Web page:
The first time I heard Deep Purple – or perhaps felt Deep Purple is a better way to describe the experience – it was the mid-70s. I was 8, and Ritchie Blackmore’s sinewy, sinister riffing on the “Made In Japan” version of “Child In Time,” coupled with Ian Gillan’s dramatic, gorgeous howling, Jon Lord’s ominous neo-classical Hammond organ, and the dynamic interplay of the Roger Glover-Ian Paice rhythm section, tore the top of my head off.
It was unlike anything else I’d ever heard. And it quite literally changed my life.
30 years later, I’m still hearing Deep Purple for the first time.
“Rapture of the Deep” is the spot-on moniker for the disc you hold in your hands, and I’ll stand on any classic rock radio programmer’s desk in my cowboy boots and scream it loud, proud and Gillan-esque; “This is the best Deep Purple album there is, dammit! Forget ‘Machine Head’ – that was then; this is most decidedly now!”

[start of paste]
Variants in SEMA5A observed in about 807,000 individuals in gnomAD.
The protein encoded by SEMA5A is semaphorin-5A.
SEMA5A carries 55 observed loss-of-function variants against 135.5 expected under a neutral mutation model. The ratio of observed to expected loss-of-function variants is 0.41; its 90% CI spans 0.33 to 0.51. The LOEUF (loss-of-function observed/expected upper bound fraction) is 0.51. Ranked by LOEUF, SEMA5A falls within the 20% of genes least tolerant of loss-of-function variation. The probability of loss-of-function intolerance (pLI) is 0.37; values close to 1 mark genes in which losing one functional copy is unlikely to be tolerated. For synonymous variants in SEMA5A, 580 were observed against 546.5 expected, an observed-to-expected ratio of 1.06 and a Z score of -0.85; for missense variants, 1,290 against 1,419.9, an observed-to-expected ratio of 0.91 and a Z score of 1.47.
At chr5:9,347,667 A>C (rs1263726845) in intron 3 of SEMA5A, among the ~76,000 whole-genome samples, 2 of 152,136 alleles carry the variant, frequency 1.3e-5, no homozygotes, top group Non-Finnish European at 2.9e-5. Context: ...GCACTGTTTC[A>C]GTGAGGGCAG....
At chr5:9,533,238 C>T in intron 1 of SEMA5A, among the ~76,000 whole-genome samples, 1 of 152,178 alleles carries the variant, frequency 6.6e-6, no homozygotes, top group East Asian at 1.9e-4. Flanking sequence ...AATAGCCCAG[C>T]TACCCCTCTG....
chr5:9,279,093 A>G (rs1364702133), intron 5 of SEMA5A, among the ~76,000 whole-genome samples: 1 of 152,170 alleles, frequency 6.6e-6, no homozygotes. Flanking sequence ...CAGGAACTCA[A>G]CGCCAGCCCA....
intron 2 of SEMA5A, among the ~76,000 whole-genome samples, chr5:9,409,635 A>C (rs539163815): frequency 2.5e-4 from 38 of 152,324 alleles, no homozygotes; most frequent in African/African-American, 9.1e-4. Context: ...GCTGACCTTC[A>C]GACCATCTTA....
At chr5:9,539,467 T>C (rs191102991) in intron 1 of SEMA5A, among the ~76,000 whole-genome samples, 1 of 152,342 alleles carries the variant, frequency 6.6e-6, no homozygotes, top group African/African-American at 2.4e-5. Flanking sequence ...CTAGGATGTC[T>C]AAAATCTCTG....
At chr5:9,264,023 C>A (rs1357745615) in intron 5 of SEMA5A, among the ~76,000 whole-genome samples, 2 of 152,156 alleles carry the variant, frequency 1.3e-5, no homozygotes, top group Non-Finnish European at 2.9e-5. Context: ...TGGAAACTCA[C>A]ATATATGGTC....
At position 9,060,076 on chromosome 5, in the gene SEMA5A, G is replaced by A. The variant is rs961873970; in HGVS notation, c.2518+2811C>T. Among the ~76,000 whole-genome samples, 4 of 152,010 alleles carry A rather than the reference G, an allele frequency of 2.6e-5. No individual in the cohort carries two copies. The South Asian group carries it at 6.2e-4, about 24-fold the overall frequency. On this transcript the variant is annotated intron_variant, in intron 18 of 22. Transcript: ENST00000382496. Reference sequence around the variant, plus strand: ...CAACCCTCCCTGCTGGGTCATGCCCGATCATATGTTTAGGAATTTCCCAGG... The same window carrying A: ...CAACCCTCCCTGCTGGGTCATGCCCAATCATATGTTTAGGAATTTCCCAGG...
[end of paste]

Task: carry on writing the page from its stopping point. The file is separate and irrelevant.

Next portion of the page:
This is the fourth record created by the revamped and rejuvenated Purple following the umpteenth departure of the mercurial Mr. Blackmore. The guitarist – one of the most significant in British rock history - had ceased to be a contributing force and was in fact draining Purple of its collective spirit when his ship finally set sail for good, a bit over a decade back.
Blackmore's exit is, in a sense, where our story begins, for the surviving band members left to pick up the pieces in his violent wake – Gillan, Glover, Lord, Paice – agreed unanimously on only one six-stringer, the soon to be knighted Steve Morse. Hardly scraping the dregs from the bottom of the barrel with that choice, boys.